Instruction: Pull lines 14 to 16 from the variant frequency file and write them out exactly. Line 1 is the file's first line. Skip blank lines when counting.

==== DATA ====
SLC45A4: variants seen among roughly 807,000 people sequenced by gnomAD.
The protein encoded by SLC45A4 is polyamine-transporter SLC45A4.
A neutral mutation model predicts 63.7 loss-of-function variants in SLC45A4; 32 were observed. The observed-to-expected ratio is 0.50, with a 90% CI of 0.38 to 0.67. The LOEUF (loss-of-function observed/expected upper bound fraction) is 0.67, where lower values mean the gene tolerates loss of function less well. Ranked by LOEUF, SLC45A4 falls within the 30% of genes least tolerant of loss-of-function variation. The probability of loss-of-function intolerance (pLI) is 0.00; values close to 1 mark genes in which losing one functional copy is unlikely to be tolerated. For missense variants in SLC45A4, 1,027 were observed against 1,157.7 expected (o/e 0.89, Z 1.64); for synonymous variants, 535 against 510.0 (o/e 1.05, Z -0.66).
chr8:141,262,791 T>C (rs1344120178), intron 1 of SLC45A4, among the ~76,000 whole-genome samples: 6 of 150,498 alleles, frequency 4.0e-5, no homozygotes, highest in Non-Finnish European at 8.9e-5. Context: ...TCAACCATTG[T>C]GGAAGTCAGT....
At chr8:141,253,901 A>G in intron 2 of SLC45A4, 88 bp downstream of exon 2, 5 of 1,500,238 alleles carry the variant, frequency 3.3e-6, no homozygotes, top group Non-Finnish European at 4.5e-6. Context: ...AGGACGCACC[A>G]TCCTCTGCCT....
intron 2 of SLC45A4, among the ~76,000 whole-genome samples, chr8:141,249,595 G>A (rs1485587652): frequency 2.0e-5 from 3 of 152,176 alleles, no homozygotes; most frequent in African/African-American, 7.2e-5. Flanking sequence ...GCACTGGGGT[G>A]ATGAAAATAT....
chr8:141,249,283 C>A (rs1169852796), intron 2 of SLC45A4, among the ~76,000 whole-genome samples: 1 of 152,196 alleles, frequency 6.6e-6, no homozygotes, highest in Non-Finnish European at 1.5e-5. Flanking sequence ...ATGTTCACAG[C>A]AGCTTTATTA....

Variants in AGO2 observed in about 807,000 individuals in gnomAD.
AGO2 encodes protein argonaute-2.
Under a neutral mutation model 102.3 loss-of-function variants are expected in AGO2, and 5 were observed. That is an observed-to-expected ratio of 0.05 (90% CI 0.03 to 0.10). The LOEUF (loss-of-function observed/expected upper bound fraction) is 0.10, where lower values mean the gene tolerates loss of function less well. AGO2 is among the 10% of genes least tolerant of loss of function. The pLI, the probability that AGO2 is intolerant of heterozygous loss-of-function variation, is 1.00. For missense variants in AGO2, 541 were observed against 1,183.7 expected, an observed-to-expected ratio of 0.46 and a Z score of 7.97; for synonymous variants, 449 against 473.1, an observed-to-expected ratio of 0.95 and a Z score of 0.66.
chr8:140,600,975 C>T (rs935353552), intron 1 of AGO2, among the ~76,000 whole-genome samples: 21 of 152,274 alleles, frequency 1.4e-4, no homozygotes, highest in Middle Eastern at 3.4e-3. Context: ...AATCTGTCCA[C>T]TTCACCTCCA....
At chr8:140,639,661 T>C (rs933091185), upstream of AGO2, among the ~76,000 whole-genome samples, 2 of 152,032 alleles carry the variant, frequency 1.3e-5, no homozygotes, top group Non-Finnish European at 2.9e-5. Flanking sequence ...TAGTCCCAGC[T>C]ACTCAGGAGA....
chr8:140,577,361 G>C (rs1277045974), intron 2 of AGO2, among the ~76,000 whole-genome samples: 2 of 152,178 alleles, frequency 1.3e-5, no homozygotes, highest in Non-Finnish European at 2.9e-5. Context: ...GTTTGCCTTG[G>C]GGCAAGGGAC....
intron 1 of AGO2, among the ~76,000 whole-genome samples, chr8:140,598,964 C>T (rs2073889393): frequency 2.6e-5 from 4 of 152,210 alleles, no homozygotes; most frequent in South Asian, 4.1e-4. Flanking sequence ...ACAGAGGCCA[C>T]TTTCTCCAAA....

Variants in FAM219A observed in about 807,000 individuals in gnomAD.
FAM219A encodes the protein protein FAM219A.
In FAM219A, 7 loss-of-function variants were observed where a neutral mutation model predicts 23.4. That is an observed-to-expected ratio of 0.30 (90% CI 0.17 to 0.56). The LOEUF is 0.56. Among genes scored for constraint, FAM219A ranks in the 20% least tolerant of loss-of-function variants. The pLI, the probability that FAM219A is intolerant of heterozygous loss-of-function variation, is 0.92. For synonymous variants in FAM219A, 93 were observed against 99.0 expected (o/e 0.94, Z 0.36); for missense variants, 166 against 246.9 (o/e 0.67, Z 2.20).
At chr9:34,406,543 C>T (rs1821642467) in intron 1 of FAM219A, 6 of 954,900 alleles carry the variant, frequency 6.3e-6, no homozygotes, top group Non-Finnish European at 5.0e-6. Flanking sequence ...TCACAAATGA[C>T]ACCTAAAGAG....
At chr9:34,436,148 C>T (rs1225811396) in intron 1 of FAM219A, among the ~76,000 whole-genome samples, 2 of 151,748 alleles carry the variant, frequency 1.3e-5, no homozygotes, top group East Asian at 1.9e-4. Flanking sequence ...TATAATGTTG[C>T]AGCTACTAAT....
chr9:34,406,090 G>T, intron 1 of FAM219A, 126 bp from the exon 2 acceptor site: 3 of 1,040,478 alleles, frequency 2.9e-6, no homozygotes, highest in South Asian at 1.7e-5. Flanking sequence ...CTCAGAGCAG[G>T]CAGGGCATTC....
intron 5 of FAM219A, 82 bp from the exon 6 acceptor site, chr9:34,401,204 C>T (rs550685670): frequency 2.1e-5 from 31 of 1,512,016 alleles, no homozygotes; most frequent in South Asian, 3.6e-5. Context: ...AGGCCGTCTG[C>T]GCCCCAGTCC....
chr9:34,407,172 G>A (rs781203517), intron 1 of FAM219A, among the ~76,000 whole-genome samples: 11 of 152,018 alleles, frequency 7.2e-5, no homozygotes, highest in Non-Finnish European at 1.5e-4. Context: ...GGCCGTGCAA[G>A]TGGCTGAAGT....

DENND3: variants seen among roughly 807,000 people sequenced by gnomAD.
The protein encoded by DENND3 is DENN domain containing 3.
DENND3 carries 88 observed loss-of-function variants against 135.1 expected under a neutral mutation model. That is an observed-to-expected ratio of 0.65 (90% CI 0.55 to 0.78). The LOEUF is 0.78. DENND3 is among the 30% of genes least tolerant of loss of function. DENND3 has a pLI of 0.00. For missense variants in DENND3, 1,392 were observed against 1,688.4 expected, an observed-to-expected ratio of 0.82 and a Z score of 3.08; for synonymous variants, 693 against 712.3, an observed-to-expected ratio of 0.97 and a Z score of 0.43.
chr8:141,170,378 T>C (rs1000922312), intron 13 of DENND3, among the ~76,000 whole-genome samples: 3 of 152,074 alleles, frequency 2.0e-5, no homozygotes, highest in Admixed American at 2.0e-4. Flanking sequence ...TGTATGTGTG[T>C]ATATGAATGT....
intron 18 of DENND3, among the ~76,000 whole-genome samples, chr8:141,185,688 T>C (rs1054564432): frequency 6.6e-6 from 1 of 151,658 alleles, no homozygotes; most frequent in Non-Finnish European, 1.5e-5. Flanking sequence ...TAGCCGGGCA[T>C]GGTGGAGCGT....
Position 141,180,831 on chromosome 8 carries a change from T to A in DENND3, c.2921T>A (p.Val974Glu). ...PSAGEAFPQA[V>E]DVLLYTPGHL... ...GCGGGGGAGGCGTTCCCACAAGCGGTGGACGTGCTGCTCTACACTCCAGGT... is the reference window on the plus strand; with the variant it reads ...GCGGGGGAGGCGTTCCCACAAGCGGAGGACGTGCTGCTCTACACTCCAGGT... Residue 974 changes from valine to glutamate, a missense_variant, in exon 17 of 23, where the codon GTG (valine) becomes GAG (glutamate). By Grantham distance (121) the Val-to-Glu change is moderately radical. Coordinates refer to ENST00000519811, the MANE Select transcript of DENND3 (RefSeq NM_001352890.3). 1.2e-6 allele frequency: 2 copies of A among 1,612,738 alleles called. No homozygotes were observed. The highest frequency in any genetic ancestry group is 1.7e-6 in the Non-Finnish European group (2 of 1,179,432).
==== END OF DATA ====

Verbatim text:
intron 1 of AGO2, among the ~76,000 whole-genome samples, chr8:140,598,964 C>T (rs2073889393): frequency 2.6e-5 from 4 of 152,210 alleles, no homozygotes; most frequent in South Asian, 4.1e-4. Flanking sequence ...ACAGAGGCCA[C>T]TTTCTCCAAA....

Variants in FAM219A observed in about 807,000 individuals in gnomAD.
FAM219A encodes the protein protein FAM219A.